Typhoon Haiyan Influenced byClimate Change, Scientists Say
Extreme storm events such as super typhoon Haiyan, which wreaked havoc in the Philippines on Friday, are more likely in the future as the build-up of greenhouse gases warms the planet, scientists say.
Winds from typhoon Haiyan were estimated to have been 314km/h or higher when the monster storm made landfall on the Philippine island of Samar. That speed, if confirmed, would make it the strongest storm on record, exceeding hurricane Camille, which hit Mississippi in the US in 1969, according to US meteorologist Jeff Masters' WunderBlog.
Australian scientists say gauging the intensity of the storm – which included a tsunami-like storm surge and heavy rainfall – would be difficult because of limited information emanating from the storm-battered region. The death toll from the city of Tacloban alone may exceed 10,000 people, local authorities say.
Professor Will Steffen, a researcher at the ANU and member of the Climate Council, said scientists understand how a hotter, moister climate is already affecting storms such as Haiyan.
“Once [cyclones] do form, they get most of their energy from the surface waters of the ocean,” Professor Steffen said. “We know sea-surface temperatures are warming pretty much around the planet, so that's a pretty direct influence of climate change on the nature of the storm.”
Data compiled from the US National Oceanic and Atmospheric Administration shows sea temperatures were about 0.5 to 1 degree above normal in the waters to the east of the Philippines as Haiyan began forming. The waters cooled in the storm's wake, an indication of how the storm sucked up energy.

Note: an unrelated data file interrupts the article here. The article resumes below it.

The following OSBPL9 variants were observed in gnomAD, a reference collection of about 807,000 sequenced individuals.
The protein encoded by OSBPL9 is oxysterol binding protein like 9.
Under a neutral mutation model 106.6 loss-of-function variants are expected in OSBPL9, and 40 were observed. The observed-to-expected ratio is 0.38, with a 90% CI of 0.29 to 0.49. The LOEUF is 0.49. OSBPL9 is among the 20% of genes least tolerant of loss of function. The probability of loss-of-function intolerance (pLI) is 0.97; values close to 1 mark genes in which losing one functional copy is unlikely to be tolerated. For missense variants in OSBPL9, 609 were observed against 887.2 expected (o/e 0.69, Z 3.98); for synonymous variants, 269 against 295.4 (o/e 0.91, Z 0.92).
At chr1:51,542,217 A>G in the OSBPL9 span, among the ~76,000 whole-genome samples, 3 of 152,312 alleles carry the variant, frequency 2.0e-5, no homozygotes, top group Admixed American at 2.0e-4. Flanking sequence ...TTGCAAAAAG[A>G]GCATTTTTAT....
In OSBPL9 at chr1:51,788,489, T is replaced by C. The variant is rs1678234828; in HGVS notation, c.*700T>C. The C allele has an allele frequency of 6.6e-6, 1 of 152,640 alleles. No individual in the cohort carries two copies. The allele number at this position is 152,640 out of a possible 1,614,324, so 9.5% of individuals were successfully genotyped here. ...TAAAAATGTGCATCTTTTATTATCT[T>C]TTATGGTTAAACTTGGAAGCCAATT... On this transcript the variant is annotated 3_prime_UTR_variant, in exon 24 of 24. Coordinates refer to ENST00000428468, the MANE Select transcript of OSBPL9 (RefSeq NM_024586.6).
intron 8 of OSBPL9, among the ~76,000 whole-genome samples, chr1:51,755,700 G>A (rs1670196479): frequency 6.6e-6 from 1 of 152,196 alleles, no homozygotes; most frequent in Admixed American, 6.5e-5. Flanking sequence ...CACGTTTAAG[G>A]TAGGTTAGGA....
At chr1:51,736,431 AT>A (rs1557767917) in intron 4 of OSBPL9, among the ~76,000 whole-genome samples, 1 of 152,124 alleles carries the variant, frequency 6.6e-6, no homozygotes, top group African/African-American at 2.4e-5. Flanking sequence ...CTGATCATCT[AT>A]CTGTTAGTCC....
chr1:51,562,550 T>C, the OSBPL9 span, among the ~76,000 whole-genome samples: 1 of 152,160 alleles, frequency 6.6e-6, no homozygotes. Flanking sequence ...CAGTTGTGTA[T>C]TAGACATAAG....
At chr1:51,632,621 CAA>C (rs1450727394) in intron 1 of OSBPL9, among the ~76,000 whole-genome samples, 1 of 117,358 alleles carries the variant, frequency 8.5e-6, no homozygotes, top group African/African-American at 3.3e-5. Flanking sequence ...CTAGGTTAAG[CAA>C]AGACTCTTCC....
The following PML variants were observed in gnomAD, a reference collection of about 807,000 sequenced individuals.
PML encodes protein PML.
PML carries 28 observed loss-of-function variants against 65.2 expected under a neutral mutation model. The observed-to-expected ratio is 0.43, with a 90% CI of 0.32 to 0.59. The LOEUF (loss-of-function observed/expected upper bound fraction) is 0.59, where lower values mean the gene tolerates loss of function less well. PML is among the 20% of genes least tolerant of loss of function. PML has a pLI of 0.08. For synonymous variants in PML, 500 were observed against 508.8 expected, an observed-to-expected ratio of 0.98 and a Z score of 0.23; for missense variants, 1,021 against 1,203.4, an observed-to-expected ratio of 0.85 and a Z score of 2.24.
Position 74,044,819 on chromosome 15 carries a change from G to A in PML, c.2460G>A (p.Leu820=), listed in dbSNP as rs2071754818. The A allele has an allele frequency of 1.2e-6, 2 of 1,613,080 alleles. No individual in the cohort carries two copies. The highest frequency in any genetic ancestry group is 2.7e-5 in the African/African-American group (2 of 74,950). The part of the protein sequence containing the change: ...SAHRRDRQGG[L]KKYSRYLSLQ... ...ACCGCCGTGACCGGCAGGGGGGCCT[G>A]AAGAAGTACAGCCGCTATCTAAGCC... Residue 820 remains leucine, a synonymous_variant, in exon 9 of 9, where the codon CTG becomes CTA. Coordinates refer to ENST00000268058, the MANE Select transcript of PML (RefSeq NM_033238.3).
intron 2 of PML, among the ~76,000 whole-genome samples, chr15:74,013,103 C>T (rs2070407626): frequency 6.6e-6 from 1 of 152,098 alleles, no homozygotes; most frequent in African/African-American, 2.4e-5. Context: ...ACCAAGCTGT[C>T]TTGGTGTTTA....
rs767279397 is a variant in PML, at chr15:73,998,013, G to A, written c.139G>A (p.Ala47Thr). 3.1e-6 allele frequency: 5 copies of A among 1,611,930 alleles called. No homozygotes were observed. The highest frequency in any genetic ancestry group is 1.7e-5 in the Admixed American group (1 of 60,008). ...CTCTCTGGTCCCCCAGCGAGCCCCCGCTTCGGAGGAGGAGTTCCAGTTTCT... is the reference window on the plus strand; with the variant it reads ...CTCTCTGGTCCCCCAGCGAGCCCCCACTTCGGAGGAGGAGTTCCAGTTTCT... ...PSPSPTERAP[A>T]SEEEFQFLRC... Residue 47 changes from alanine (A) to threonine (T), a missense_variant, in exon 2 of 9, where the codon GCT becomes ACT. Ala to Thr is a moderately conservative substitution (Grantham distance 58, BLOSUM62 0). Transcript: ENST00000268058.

Typhoons – or tropical cyclones as they are known in Australia, and hurricanes in the US – require sea-surface temperatures of at least 26.5 degrees to form, according to the Bureau of Meteorology. The low-pressure systems can persist over lower sea-surface temperatures once they get going.
Kevin Walsh, an associate professor at the University of Melbourne and an expert in tropical meteorology, said warmer sea-surface temperatures are only one factor in determining the ferocity of a cyclonic event. The key is the temperature difference between those seas and the tops of the storms, high in the troposphere.
While data on temperatures at sea levels well known, gathering the information at levels up to about 20 kilometres above the surface has been more difficult until recent times, with weather balloons and other devices now more common.
That temperature differential in cyclones, though, is expected to widen as storm heights push higher in the atmosphere, Dr Walsh said.
“In the future, you’re talking about the difference of the sea-surface temperature and the temperature of the troposphere height – that increases even though the upper troposphere warms in a warming world.” - See more at: http://renewablenow.biz/renewable-science.html#sthash.MTqM27ld.dpuf